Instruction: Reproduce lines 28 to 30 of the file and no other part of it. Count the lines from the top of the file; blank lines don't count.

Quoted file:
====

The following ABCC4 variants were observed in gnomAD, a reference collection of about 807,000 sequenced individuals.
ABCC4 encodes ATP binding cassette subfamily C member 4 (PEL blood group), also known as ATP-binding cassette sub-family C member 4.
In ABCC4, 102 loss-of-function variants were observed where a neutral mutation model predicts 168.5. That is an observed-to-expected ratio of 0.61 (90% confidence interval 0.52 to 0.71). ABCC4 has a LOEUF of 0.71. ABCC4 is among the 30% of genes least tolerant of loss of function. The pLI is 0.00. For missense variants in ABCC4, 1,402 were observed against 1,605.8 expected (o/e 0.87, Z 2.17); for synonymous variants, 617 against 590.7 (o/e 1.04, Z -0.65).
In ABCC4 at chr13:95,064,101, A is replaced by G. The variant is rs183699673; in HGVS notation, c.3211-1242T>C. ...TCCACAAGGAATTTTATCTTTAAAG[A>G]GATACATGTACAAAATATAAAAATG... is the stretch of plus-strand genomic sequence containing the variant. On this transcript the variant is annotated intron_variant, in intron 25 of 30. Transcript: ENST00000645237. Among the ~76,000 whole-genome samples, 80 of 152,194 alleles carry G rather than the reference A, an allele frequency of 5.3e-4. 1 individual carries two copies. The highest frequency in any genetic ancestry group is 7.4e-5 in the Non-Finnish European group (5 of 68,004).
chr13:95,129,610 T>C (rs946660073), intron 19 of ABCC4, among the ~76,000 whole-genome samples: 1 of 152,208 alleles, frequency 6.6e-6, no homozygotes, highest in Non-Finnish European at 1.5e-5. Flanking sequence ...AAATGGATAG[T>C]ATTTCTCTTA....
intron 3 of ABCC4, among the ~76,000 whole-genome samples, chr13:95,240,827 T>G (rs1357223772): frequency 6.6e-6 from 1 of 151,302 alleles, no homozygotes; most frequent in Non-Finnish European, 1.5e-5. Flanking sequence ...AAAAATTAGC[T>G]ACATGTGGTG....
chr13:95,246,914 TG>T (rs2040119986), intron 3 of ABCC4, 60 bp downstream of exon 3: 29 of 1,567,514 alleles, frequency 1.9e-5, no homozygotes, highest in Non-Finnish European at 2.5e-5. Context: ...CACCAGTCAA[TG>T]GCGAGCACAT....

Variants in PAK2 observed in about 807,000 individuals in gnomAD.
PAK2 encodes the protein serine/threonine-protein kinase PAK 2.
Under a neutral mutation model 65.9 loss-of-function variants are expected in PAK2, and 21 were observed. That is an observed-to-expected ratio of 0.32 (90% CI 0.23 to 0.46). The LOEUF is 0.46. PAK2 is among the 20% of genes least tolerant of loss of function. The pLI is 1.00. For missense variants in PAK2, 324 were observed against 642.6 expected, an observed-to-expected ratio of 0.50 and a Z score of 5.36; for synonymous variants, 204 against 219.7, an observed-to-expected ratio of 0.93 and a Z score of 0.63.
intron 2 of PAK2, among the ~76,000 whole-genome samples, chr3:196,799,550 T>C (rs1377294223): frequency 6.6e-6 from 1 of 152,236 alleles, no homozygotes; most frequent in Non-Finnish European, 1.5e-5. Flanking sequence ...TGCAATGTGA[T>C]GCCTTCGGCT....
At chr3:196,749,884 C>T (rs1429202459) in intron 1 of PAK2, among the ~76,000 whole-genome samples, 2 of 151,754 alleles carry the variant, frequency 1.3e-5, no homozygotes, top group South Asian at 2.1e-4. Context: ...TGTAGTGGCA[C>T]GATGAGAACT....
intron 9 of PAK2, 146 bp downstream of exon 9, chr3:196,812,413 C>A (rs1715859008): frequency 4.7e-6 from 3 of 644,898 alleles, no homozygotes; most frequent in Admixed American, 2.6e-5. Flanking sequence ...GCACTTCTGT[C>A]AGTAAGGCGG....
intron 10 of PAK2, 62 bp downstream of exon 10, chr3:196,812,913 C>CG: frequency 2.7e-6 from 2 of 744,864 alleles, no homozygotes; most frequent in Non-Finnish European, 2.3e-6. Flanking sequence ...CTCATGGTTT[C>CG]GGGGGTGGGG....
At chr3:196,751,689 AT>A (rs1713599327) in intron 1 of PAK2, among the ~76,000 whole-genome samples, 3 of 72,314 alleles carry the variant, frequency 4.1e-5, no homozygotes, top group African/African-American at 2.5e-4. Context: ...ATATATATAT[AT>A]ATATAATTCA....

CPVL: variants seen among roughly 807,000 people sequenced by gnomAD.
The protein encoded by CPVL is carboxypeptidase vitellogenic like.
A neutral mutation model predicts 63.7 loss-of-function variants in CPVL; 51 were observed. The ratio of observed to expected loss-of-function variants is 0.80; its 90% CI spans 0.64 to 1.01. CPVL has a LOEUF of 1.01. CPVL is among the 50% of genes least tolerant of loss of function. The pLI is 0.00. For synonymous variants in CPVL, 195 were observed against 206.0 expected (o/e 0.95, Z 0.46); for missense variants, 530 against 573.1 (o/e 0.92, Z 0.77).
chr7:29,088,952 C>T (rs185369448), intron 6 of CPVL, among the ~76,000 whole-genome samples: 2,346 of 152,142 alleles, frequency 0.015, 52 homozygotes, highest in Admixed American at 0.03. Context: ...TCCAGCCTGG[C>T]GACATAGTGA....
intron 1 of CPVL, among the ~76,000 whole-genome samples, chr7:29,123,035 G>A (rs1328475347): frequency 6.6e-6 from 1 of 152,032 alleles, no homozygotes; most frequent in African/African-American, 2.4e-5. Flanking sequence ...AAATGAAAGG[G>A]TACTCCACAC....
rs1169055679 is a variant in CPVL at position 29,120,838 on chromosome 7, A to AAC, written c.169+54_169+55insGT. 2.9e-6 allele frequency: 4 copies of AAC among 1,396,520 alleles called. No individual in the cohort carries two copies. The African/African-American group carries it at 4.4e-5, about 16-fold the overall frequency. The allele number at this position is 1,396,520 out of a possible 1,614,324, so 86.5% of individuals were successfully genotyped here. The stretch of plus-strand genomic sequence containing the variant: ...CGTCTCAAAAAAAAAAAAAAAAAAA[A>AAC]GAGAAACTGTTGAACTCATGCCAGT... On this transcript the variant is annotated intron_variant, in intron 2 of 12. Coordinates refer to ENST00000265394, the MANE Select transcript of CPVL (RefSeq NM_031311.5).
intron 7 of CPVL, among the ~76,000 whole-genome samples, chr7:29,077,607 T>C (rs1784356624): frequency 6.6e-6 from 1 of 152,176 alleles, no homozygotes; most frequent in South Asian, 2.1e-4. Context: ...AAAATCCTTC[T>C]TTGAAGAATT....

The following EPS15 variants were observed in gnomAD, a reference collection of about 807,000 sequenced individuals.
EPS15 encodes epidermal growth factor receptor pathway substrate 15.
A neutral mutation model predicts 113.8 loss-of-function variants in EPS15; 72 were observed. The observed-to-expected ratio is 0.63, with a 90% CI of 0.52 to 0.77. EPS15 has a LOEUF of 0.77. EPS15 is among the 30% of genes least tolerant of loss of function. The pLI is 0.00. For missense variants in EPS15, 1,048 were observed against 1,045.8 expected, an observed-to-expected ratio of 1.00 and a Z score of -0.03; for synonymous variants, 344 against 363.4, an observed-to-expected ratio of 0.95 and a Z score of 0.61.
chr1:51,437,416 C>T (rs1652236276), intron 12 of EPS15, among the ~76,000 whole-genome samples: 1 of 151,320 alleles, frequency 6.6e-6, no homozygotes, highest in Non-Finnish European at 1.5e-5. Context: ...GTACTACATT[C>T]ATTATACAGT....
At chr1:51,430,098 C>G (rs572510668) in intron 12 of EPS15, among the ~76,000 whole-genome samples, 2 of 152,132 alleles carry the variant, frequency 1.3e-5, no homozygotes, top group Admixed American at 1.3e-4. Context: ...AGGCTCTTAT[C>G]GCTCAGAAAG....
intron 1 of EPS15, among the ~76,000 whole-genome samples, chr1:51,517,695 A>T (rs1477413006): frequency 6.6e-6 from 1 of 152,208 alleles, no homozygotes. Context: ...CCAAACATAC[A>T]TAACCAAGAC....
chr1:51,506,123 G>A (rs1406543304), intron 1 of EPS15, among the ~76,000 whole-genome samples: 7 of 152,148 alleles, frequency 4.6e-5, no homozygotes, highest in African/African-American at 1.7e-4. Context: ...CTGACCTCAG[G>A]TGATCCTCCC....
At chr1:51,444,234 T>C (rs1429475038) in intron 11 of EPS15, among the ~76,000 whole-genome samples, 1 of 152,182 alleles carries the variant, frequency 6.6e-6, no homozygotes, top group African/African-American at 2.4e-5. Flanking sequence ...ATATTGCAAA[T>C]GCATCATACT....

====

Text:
intron 1 of EPS15, among the ~76,000 whole-genome samples, chr1:51,517,695 A>T (rs1477413006): frequency 6.6e-6 from 1 of 152,208 alleles, no homozygotes. Context: ...CCAAACATAC[A>T]TAACCAAGAC....
chr1:51,506,123 G>A (rs1406543304), intron 1 of EPS15, among the ~76,000 whole-genome samples: 7 of 152,148 alleles, frequency 4.6e-5, no homozygotes, highest in African/African-American at 1.7e-4. Context: ...CTGACCTCAG[G>A]TGATCCTCCC....
At chr1:51,444,234 T>C (rs1429475038) in intron 11 of EPS15, among the ~76,000 whole-genome samples, 1 of 152,182 alleles carries the variant, frequency 6.6e-6, no homozygotes, top group African/African-American at 2.4e-5. Flanking sequence ...ATATTGCAAA[T>C]GCATCATACT....